Ensuring occupational health, safety and well-being
Protecting the health and safety of our employees is a key priority for sanofi. Regardless of the nature and type of collaboration (involving Group employees, temporary employees or external service providers), the Group has adopted a policy to assess and control risks.
HSE compliance for subcontractors and suppliers
Issues concerning supplier health, safety, and the environment have been the focus of growing attention in recent years. As a result, the number of actions implemented by industry has also risen considerably.
Working in the pharmaceutical industry, several thousand suppliers and subcontractors are responsible for manufacturing chemical substances that will be used as raw materials or synthesis intermediates. Most companies have set up programs to ensure that these external partners are able to carry out their work in strict compliance with rules concerning health, safety and protection of the environment.
In accordance with the Sanofi Egypt HSE policy, sanofi adopts a constructive attitude of transparency and dialogue toward external partners with respect to health, safety and environmental protection.
Each entity takes into account these issues during operations involving purchasing and outsourcing. The selection of a contractor or supplier includes criteria relating to health, safety and the environment, measured in proportion to the risk incurred based on information exchanged regarding products and processes.
This commitment makes it possible to ensure compliance of the operations performed by our partners. It is one of the key principles of Sanofi Egypt HSE policy.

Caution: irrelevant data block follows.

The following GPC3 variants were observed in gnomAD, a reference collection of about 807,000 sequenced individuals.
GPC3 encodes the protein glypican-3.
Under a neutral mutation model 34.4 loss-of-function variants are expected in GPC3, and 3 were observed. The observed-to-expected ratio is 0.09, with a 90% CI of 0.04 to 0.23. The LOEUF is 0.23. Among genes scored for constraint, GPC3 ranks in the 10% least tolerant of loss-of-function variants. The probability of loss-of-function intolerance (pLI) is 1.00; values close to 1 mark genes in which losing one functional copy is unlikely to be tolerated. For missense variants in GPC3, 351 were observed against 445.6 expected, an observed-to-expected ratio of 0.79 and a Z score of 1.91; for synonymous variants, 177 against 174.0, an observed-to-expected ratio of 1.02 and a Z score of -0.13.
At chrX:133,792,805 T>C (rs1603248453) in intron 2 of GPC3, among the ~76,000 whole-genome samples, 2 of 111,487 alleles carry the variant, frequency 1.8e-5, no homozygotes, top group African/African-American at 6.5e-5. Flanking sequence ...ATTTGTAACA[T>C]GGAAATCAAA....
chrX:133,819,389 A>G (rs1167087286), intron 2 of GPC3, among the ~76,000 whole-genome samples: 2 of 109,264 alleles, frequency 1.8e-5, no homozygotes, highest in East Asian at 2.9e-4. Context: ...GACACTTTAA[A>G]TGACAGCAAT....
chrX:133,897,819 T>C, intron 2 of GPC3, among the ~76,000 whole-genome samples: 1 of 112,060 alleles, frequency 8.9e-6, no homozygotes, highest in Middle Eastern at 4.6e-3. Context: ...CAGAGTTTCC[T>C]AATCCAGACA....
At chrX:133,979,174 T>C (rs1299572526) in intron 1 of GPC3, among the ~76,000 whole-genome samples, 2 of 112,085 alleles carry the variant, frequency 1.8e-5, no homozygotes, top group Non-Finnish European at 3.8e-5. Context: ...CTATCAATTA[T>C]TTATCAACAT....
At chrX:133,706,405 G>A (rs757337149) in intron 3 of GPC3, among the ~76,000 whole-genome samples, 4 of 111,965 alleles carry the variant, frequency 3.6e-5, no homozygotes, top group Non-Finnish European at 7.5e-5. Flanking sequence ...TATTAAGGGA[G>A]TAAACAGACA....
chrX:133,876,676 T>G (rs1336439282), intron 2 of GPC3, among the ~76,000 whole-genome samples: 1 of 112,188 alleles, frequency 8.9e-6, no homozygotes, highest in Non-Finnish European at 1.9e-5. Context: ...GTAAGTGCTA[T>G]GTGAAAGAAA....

Rhône-Poulenc began in 1928 as a manufacturer of chemicals, textiles and medicines, and acquired the US company Rorer between 1990 and 1997, the vaccine laboratory Pasteur Mérieux Connaught in 1994 and the British pharmaceuticals company Fisons in 1995 to become a leading industry player worldwide.
Synthélabo was formed in France in 1970 by the merger of Laboratories Dausse (founded in 1834) and Laboratories Robert & Carrière (founded 1899).
Sanofi was founded in 1973 when French oil company Elf Aquitaine acquired the pharmaceutical group Labaz. Its subsequent growth was driven by a combination of international acquisitions and developing new therapies such as the anti-platelet agent Ticlid, its first major product. Innovation remained central, winning Sanofi the prestigious Prix Galien in 1986 for work on the anti-coagulant heparin and in 1987 for Ticlid. Sanofi entered the US market in 1994 with the acquisition of Sterling Winthrop.
Aventis was the result of a 1999 merger of Rhône-Poulenc and Hoechst Marion Roussel, which had boosted its drug development capability by acquiring Roussel-Uclaf in 1974, and merging with the US company Marion Merrell in 1995. Aventis, therefore, had global reach and, with its strong foundation of innovative science, was among the first to invest in the new technologies of genomics, immunology and gene therapy.
Sanofi-aventis was formed in 2004 when Sanofi-Synthélabo (a merger of Sanofi and Synthélabo in 1999) acquired Aventis.
In 2011 sanofi-aventis acquired Genzyme Corporation and at the 2011 Combined Shareholder meeting shareholders approved the change of company name to Sanofi.
Since 2004, Sanofi has developed into a diversified global healthcare company using innovation to meet the needs of patients throughout the world, with recent acquisitions including, Zentiva, Medley, Kendricks, Acambis and Symbion Consumer, as well as Merial in animal health.
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Sanofi recently made a global statement providing new data on our dengue vaccine that helps to further define the population that would best benefit from its protective value. Currently, the World Health Organization and the National Regulatory Authorities in the countries where the vaccine is approved or under regulatory review today are considering this new information to assess the implications for the continued roll-out of the vaccine. http://mediaroom.sanofi.com/striving-to-defeat-dengue-with-effective-vaccines-2/